Colombia’s second largest rebel group, the ELN, said Sunday it was regretted the recent kidnapping of three journalists in the north of the country, but stressed that the journalists’ “imprudence” triggered the kidnappings.
In a press release published on social media website Twitter, the ELN said to “regret the situation that occurred in the past days with [Spanish] Journalist Salud Hernandez and the other reporters of [television network] RCN.”
— Franz Rodríguez-Gual (@frgualdron2) May 30, 2016
The guerrilla group’s peace delegation stressed that the kidnappings were never planned or ordered by the group’s leadership, but happened in the midst of a tensions and violence in Catatumbo, a region that has fallen in the hands of numerous illegal armed groups as a consequence of decades-long state abandonment.
According to the ELN, the journalists were released “as soon as the central command was able to verify the journalist and reporters were in the hands of one of our units.”
The guerrillas’ explained that the release of the journalists took some time because of fighting in the region that escalated subsequent to the kidnapping as the army troops moved in trying to rescue the journalists.
“We confirm that we respect the freedom of expression and we do not have any interest in hindering journalistic work,” the ELN delegation said.
The guerrillas cited Hernandez, a Spanish citizen who has been working in Colombia for decades, to stress the El Tiempo journalist and RCN reporters’ hostage-taking was partly the result of the journalists’ “imprudence.”
Following her release, Hernandez stated that “I have always been imprudent. I believe a reporter always has to be imprudent because if not, we wouldn’t obtain 70%” of stories deemed newsworthy.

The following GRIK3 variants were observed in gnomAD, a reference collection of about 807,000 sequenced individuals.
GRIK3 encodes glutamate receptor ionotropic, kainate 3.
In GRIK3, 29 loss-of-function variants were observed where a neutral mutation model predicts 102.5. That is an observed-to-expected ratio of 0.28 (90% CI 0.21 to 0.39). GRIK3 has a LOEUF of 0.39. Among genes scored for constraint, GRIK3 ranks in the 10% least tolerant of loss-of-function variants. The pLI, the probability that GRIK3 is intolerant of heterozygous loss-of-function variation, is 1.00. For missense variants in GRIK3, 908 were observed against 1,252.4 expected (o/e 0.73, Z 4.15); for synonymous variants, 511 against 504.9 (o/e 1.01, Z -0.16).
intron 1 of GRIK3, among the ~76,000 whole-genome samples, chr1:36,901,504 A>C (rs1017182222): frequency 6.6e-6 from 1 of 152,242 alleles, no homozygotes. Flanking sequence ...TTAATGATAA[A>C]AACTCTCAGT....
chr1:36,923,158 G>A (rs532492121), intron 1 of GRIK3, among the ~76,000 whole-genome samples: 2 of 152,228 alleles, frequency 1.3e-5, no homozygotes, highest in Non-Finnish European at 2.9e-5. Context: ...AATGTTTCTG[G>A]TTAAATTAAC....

The Spanish journalist stressed, however, that “this imprudence is relative because for me the Catatumbo [region] also isn’t new.”
The hostage taking of the journalist put tremendous pressure on both the ELN and the government, which has announced peace talks with the group on two occasions, but so far has failed to even set a date for the talks to begin.
Following the announcement of the formal talks, President Juan Manuel Santos demanded the ELN release hostages held captive as a new condition on the talks, which was rejected by the rebels because this was never agreed in the agreement to begin formal talks.
In its latest communique, the ELN instead reiterated its call for a bilateral ceasefire and “mutual humanitarian action” in order to create “a new climate in the country” that would “benefit society and generate favorable conditions that support the peace process.
The government has consistently rejected a bilateral ceasefire, fearing the rebels could take strategic advantage of a reduction in military pressure.
While agreeing to talks, the parties that have been fighting each other for more than half a centuries have a deeply rooted mistrust of each other.
Colombia’s general public has little faith in either the government, the ELN or peace talks between the two.